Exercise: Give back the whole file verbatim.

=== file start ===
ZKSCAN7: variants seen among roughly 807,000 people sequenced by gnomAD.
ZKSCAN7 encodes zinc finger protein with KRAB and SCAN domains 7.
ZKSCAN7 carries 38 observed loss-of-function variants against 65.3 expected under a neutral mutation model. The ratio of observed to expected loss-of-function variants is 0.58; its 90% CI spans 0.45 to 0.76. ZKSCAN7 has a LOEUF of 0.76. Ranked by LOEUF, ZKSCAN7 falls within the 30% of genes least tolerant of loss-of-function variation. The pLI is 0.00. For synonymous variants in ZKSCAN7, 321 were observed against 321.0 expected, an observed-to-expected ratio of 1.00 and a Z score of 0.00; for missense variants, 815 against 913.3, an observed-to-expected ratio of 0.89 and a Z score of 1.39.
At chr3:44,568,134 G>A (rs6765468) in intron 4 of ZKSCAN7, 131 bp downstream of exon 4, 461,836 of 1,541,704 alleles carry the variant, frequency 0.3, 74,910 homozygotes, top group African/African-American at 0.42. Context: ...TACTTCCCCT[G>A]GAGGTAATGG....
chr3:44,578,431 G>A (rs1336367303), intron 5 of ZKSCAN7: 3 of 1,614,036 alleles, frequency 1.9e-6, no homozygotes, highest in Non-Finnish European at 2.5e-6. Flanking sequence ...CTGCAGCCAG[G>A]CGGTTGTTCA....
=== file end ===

ZKSCAN7: variants seen among roughly 807,000 people sequenced by gnomAD.
ZKSCAN7 encodes zinc finger protein with KRAB and SCAN domains 7.
ZKSCAN7 carries 38 observed loss-of-function variants against 65.3 expected under a neutral mutation model. The ratio of observed to expected loss-of-function variants is 0.58; its 90% CI spans 0.45 to 0.76. ZKSCAN7 has a LOEUF of 0.76. Ranked by LOEUF, ZKSCAN7 falls within the 30% of genes least tolerant of loss-of-function variation. The pLI is 0.00. For synonymous variants in ZKSCAN7, 321 were observed against 321.0 expected, an observed-to-expected ratio of 1.00 and a Z score of 0.00; for missense variants, 815 against 913.3, an observed-to-expected ratio of 0.89 and a Z score of 1.39.
At chr3:44,568,134 G>A (rs6765468) in intron 4 of ZKSCAN7, 131 bp downstream of exon 4, 461,836 of 1,541,704 alleles carry the variant, frequency 0.3, 74,910 homozygotes, top group African/African-American at 0.42. Context: ...TACTTCCCCT[G>A]GAGGTAATGG....
chr3:44,578,431 G>A (rs1336367303), intron 5 of ZKSCAN7: 3 of 1,614,036 alleles, frequency 1.9e-6, no homozygotes, highest in Non-Finnish European at 2.5e-6. Flanking sequence ...CTGCAGCCAG[G>A]CGGTTGTTCA....